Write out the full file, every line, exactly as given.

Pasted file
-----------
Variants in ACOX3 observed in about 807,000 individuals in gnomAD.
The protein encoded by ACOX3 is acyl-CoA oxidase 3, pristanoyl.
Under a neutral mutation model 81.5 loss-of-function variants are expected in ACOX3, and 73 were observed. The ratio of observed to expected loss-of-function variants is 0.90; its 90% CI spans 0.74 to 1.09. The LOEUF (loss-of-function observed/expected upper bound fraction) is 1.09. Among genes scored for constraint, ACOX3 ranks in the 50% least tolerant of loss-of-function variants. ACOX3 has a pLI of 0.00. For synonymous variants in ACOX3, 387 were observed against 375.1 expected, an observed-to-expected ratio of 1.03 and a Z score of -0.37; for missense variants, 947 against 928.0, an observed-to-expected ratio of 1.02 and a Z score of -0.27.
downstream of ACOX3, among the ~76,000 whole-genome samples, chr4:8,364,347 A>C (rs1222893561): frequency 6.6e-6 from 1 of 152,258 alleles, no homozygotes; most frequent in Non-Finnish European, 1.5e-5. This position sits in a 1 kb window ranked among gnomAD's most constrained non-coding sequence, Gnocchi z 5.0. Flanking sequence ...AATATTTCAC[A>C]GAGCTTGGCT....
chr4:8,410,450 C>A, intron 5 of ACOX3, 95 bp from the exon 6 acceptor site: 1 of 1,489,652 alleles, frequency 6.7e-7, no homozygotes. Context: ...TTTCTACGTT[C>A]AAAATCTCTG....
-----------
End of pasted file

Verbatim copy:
Variants in ACOX3 observed in about 807,000 individuals in gnomAD.
The protein encoded by ACOX3 is acyl-CoA oxidase 3, pristanoyl.
Under a neutral mutation model 81.5 loss-of-function variants are expected in ACOX3, and 73 were observed. The ratio of observed to expected loss-of-function variants is 0.90; its 90% CI spans 0.74 to 1.09. The LOEUF (loss-of-function observed/expected upper bound fraction) is 1.09. Among genes scored for constraint, ACOX3 ranks in the 50% least tolerant of loss-of-function variants. ACOX3 has a pLI of 0.00. For synonymous variants in ACOX3, 387 were observed against 375.1 expected, an observed-to-expected ratio of 1.03 and a Z score of -0.37; for missense variants, 947 against 928.0, an observed-to-expected ratio of 1.02 and a Z score of -0.27.
downstream of ACOX3, among the ~76,000 whole-genome samples, chr4:8,364,347 A>C (rs1222893561): frequency 6.6e-6 from 1 of 152,258 alleles, no homozygotes; most frequent in Non-Finnish European, 1.5e-5. This position sits in a 1 kb window ranked among gnomAD's most constrained non-coding sequence, Gnocchi z 5.0. Flanking sequence ...AATATTTCAC[A>C]GAGCTTGGCT....
chr4:8,410,450 C>A, intron 5 of ACOX3, 95 bp from the exon 6 acceptor site: 1 of 1,489,652 alleles, frequency 6.7e-7, no homozygotes. Context: ...TTTCTACGTT[C>A]AAAATCTCTG....